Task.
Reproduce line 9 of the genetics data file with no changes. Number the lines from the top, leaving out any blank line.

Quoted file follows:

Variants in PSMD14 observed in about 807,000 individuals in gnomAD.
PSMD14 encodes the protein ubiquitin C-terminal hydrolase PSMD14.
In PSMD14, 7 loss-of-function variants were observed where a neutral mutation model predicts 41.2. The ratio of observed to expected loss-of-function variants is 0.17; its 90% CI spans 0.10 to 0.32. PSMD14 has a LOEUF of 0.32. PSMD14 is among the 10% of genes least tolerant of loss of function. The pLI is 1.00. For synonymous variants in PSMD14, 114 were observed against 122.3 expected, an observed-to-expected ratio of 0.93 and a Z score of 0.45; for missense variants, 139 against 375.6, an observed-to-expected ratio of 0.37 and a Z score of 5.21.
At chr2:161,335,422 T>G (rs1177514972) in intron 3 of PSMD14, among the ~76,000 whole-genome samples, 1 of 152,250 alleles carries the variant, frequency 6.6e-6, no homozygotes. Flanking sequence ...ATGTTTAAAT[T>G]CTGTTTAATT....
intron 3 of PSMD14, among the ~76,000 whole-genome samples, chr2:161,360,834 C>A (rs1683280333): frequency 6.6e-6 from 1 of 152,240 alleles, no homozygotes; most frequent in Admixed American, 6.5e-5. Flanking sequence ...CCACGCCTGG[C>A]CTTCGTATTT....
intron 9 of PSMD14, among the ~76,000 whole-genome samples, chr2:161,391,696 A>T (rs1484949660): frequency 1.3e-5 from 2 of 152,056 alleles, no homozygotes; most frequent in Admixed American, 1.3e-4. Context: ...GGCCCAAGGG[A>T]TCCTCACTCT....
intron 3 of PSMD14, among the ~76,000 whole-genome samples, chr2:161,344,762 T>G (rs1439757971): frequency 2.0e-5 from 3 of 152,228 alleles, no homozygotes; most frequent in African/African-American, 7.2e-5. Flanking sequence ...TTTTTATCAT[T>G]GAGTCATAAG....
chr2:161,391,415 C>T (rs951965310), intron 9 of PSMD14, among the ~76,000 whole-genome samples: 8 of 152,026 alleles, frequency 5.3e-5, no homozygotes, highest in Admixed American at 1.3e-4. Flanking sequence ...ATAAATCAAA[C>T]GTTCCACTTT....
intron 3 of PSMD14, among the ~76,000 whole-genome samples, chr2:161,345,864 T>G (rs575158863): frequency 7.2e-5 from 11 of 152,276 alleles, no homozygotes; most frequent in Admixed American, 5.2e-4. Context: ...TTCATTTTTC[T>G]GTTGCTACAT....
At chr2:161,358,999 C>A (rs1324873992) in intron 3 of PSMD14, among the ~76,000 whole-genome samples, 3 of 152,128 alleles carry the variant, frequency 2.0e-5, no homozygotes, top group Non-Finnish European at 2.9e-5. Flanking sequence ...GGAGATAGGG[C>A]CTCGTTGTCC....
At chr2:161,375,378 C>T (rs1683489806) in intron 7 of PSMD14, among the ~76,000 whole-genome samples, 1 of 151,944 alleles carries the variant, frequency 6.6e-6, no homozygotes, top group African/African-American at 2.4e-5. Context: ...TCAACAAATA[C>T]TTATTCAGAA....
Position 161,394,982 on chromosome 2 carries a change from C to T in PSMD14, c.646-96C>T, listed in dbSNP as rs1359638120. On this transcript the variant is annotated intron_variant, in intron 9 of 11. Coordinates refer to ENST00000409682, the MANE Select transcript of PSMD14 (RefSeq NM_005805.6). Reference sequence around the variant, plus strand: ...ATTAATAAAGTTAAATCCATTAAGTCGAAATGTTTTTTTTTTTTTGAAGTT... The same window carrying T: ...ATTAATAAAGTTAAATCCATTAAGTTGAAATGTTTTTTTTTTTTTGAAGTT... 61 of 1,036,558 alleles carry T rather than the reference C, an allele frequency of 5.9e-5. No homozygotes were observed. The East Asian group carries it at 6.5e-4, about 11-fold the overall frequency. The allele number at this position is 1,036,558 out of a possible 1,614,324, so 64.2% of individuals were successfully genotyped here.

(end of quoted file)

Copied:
intron 3 of PSMD14, among the ~76,000 whole-genome samples, chr2:161,345,864 T>G (rs575158863): frequency 7.2e-5 from 11 of 152,276 alleles, no homozygotes; most frequent in Admixed American, 5.2e-4. Context: ...TTCATTTTTC[T>G]GTTGCTACAT....